Air defense in Naples consisted of batteries located on the roofs of buildings, equipped with light machine guns and antiquated. It was also dislocated a fighter patrol in the Capodichino airport and Capua. It was 22 ° “Gruppo Autonomo Cacciatori del Vesuvio” which was tasked to intercept American bombers with aircraft Macchi 202, Reggiane and Dewoitine (French war prey). The interception was inevitably frontal, only point defenseless of bombers. The fighter pilots had to shoot their shots just a few seconds against the enemy, the cumulative approach speed was more than 1,000 kilometers per hour.
On 4 December 1942 twenty American B-24 Liberators bombed the port where, hit by bombs, sank three cruisers that were moored: Attendolo, Eugenio di Savoia and Montecuccoli. The bombing continued on buildings and hospitals. It was badly damaged the Post Office building, in today’s Piazza Matteotti. In the city was a massacre. The raids became daily and did not spare any corner of the city.
People had learned to grasp the small signals of an impending raid. The radio, which broadcast from the Pizzofalcone studies, interrupted the broadcasts in imminence of the bombing. “E Cape ‘e fierre“, as they were called firefighters because of the distinctive helmet, just before the raids came from the barracks of via Del Sole to move in scattered locations in the city, in order to intervene as early as possible. The occurrence of these events, without waiting for the alarm sirens, people coming down from the houses to reach the shelters.
In February there was the massacre of Via Duomo and Via Tribunali, in March were hit areas of Carmine, Pignasecca and Capodimonte, in April the bombing involved the entire city. Only in that month there were more than five hundred civilian deaths.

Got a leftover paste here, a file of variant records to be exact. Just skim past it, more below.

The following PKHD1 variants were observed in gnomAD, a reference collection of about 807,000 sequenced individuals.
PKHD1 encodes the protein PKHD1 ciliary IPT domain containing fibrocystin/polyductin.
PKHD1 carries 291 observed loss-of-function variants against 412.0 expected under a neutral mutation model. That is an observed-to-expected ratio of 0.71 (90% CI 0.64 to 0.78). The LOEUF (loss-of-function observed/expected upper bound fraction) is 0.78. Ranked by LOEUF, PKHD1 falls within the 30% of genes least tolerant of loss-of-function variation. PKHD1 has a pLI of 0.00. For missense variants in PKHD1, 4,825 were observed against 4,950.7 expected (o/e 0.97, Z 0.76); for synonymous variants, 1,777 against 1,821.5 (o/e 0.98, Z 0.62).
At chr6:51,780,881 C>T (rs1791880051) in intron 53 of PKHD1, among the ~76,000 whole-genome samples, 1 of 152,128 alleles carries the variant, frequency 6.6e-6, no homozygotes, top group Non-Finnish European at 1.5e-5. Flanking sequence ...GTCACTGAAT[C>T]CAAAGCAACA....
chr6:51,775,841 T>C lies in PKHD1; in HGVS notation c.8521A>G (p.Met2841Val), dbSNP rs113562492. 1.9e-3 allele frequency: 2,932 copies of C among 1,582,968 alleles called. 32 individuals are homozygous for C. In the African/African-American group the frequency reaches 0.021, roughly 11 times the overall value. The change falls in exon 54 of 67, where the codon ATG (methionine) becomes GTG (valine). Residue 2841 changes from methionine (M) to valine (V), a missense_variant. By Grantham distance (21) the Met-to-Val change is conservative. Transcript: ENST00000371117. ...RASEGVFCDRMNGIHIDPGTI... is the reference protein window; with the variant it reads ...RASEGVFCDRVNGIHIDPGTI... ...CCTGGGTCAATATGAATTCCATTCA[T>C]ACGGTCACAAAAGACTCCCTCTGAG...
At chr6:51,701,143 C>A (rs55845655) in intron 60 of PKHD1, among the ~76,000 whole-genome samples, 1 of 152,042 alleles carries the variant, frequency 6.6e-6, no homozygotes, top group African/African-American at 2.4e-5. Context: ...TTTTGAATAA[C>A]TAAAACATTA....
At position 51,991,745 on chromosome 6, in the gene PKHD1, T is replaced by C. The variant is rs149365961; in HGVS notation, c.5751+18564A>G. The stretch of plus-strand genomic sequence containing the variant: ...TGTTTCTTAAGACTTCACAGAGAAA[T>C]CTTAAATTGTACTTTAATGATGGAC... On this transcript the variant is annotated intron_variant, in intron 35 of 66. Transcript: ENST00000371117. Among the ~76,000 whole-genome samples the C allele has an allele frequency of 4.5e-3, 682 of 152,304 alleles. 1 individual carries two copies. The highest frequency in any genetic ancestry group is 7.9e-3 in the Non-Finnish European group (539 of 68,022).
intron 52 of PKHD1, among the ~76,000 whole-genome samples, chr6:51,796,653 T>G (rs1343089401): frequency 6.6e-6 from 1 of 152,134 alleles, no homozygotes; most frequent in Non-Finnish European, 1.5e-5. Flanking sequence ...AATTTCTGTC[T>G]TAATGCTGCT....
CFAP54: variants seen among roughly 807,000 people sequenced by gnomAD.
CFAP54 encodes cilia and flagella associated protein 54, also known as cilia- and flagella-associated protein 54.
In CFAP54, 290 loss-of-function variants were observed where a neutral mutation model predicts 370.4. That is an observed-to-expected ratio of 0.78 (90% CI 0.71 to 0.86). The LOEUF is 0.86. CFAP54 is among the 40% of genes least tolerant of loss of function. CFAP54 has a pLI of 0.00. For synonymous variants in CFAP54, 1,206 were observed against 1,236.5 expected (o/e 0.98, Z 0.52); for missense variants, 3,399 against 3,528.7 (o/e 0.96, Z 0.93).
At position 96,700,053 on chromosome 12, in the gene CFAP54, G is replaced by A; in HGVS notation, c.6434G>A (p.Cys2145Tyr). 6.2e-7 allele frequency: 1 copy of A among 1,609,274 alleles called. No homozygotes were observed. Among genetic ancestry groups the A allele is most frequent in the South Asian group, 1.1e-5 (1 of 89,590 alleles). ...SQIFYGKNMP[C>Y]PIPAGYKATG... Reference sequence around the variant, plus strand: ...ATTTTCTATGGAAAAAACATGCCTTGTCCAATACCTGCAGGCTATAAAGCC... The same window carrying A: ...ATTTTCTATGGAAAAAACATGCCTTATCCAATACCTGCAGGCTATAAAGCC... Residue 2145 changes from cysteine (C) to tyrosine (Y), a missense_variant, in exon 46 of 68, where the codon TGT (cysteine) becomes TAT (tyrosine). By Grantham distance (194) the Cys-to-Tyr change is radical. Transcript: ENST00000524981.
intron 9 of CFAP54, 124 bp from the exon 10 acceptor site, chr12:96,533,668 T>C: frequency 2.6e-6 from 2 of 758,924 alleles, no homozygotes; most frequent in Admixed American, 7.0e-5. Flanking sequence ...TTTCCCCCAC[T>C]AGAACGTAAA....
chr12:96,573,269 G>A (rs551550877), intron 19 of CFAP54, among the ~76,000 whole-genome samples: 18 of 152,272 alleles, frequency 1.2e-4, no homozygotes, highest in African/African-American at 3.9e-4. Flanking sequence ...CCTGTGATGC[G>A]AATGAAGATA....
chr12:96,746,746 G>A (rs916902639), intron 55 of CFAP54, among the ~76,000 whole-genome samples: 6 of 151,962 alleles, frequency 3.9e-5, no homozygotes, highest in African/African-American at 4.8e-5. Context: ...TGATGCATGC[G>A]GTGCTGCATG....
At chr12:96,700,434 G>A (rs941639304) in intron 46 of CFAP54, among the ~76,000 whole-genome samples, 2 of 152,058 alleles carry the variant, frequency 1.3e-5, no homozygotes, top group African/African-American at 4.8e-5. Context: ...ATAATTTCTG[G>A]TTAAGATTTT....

400 bombers took part in the raid on August 4 in which the Basilica of Santa Chiara was hit and severely damaged. The bombs spared the Gesù Nuovo church, a few meters away, as it is recorded on a marble plaque inside the church of Gesù Nuovo. The last Allied bombing of the city took place on September 8, after the signing of the armistice.
Explosion of MV Caterina Costa in the port (28 March 1943)
Caterina Costa was a new cargo ship, finished building in 1942. It was been requisitioned by the Italian Regia Marina to be used to transport troops and war material. It had already made four crossings of the Mediterranean to bring supplies to the troops in Africa.
In the early afternoon of March 28, 1943 a fire started on the ship, which was moored in the harbor near to Sant’Erasmo district. Even today it is not known if the fire was an act of sabotage or an accident. The ship was loaded with guns, tanks, vehicles, ammunition, fuel. Also some hundreds of Italian and German military were on board. Caterina Costa was ready to sail for the coast of Tunisia.
The rescue operation took place in a general chaos. Port authorities did not do what was more logical to do, to tow the ship further out to sea and sink it. Orders crossed other orders. The firemen ran, but informed the imminent danger of explosion, they went away from ship. No one thought to send away the people from port. A large group of people stayed on the mole to see. They were unaware of the danger. Many soldiers, who were on board, did not have time to save themselves, remaining trapped by the fire.